From London to Bodrum: Perking the Pansies and Surviving the Expats in Turkey

Published 2011-03-28 10:47:25

Jack ScottMy name is Jack Scott. I am originally from London and last year I moved to Bodrum in Turkey with my civil partner, Liam.

1. Why did you move abroad?
I was a petty bureaucrat for 30 years gently ascending a career ladder to middle management, middle income and a middling suburban terrace; comfortable, secure and passionately dissatisfying. I thought it high time to take a break from my labours, put my feet up and watch the pansies grow.

2. How do you make a living?
We are fortunate to have just enough to live well (if not extravagantly) without selling our souls to earn our daily bread. It’s just as well as work permits for foreigners in Turkey are as rare as ginger imams. Interest rates are high in relation to the UK or the Eurozone and we live off the interest from our capital.

3. How often do you communicate with home and how?
Our parents weren't exactly thrilled by our decision to step off the treadmill and head for the sun. Part of the deal is to phone home often and return regularly. The compulsory Sunday afternoon call is non-negotiable and we fly back to London every three months or so. We use Skype as much as possible and book flights in advance to limit the impact on the family purse. We also use Facebook and good old fashioned emails to keep in touch with friends and siblings.

4. What's your favorite thing about being an expat in Turkey?
Turkey is a benign host and people are warm and obliging. Specifically, we love living in Bodrum, a whitewashed, liberal oasis with a hypnotic pulse that few places can match. Around us, the vast Anatolian landscape is glorious and the sweep of all recorded history sits casually underfoot. Medieval and modern, Turkey at its best is incomparable.

5. What’s the worst thing about being an expat in Turkey?
Turkish red tape is staggering in its pointless Byzantine complexity. Everything must be completed in triplicate, duly stamped and accompanied by multiple copies of official identification. There are enough copies of my British passport in circulation to supply the Israeli Secret Service for years. Also, Turkish drivers are insane, roads can be perilous and driving is best left to the foolhardy or the suicidal.

6. What do you miss most?
I miss my family and friends, the real personal freedom we all casually take for granted, decent Indian food, central heating, the big city buzz and riding the tube outside the rush hour. I’m lucky to get my urban fix on our jollies to London.

7. What custom/ habits do you find most strange about your adopted culture?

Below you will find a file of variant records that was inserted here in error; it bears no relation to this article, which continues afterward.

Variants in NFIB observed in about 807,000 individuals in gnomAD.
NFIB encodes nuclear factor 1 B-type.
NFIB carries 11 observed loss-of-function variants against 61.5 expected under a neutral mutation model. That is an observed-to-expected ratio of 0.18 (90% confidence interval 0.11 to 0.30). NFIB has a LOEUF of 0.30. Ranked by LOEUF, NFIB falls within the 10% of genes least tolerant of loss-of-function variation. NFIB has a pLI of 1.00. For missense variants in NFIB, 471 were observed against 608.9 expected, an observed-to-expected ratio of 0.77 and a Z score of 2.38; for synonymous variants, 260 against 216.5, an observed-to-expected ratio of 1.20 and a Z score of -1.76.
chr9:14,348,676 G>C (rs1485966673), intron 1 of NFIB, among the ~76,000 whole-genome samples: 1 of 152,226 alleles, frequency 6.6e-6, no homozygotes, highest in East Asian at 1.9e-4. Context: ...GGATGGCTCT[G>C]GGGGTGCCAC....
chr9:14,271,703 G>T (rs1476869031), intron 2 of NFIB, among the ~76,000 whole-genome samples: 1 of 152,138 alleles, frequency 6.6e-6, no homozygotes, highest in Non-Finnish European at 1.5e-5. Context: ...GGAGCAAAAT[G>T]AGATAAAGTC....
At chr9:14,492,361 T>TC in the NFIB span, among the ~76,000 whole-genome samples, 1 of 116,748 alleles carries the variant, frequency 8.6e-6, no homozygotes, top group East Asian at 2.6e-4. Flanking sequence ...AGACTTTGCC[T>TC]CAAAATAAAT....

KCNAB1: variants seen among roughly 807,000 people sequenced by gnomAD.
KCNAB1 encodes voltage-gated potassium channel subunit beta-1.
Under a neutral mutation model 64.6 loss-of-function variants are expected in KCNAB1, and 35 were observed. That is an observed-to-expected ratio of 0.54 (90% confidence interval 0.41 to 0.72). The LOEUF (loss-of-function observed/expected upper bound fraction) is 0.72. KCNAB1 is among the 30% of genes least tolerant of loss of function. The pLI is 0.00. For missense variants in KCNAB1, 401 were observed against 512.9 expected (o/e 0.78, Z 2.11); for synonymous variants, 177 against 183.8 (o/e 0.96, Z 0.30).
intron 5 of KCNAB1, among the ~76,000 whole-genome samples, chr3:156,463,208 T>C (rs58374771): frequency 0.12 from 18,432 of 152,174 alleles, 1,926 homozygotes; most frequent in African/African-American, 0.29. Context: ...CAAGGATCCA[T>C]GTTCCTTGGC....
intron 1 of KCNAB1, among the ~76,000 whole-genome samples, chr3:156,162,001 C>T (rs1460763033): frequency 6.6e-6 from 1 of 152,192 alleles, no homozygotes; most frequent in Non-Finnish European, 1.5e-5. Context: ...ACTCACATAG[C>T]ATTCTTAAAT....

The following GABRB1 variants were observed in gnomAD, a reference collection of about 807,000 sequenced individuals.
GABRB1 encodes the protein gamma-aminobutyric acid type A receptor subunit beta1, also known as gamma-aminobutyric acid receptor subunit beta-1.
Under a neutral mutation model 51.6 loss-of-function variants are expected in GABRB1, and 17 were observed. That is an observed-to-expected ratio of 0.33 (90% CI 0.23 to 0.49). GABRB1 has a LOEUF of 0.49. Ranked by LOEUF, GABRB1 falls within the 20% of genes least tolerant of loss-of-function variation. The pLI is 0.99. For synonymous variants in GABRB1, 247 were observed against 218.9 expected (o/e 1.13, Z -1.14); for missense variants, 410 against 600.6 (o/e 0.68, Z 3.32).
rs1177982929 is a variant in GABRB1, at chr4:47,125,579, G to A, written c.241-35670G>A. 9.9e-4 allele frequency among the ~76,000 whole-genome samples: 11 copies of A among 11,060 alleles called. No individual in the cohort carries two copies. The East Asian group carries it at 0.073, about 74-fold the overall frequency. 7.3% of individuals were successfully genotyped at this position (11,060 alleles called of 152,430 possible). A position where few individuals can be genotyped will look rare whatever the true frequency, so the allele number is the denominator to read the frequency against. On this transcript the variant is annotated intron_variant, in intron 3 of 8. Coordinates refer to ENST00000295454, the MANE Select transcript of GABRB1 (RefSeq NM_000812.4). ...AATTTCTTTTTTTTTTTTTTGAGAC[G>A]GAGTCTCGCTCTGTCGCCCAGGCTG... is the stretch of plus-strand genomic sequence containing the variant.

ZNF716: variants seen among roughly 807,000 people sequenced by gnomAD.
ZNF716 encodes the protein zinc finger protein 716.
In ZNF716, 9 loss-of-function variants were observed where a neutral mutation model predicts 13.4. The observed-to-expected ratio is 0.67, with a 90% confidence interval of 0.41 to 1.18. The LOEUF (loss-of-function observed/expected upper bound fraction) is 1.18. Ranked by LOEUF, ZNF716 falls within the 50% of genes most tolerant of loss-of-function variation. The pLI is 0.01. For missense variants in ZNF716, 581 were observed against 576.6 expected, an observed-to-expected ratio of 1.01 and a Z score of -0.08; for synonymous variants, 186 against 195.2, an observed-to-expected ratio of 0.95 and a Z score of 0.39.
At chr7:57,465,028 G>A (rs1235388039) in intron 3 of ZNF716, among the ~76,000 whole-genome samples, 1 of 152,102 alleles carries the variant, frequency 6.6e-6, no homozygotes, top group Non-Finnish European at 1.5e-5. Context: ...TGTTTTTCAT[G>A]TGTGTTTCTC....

Turks have absolutely no sense of personal space and a natural inquisitiveness that borders on the intrusive at times. I assume this derives from a long tradition of large tight-knit families, crowded houses, little privacy and a strong sense of community long since lost in the West. Coming from an anonymous, fragmented, socially mobile world city like London makes this difficult to get used to but it’s definitely worth the trouble.

8. What is a myth about your adopted country?
Some people show breath-taking ignorance of the Islamic world, tarring all Moslem countries with the same negative brush. No, we aren’t subject to Sharia Law. No, gay people aren’t routinely lynched by rabid mobs of mad mullahs. No, women aren’t forced into marriage as soon as they hit puberty and dressed head to toe in black poly-cotton sheets (well, not in Bodrum anyway). Turkey isn’t perfect but it isn’t Iran.

9. What advice would you give other expats?
Moving to a foreign land throws up a host of practical and cultural issues that everyone has to cope with but with the right advice, a guiding hand and lots of patience it can be a hugely rewarding experience. My strongest advice is to try a place on for size first. Rent before buying and then only buy with the right legal advice and through a reputable agent. Too many people have lost their shirts on a dream that turned into a nightmare. Act in haste and repent at leisure. Crucially, try and avoid the temptation to remain within the extraordinary expat bubble: go and explore your new environment and meet the locals. It can totally change your perspective.

10. When and why did you start your blog?
I began writing the blog, Perking the Pansies, in November 2010. It all started as an email commentary of our packed adventures in paradise to London life friends. My ramblings became very popular and my oldest friend suggested I write a blog. With the luxury of excessive time on my hands I thought, why not?

Finding gainful occupation is a real challenge to active expats who don’t work. By occupation I don't mean propping up the bar in a sad, insular dive to Brit-bash and complain ad nauseum of all things local. The blog keeps me on the straight and narrow - though not always off the sauce. I write primarily about what I see around me in our rarefied semi-detached expat world. We expatriates, or 'emigreys' as I call us, come in all shapes and sizes – the mean and the mannered, the classless and the classy, the awful and the joyful. It’s a rich seam and the material is more or less handed to me on a plate. When I first published I honestly thought that I would be talking to myself. Thankfully this hasn’t been the case and the blog has received over 45,000 hits in just a few months. Oddly, my most loyal followers seem to be the very people I parody. I guess people love to read about their lives even when it’s not always particularly flattering!

Blog Link Jack Scott's blog, Perking the Pansies and Surviving the Expats in Turkey

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Author: texkourgan
Part of the adventure since 2008. Drink, Travel, Write

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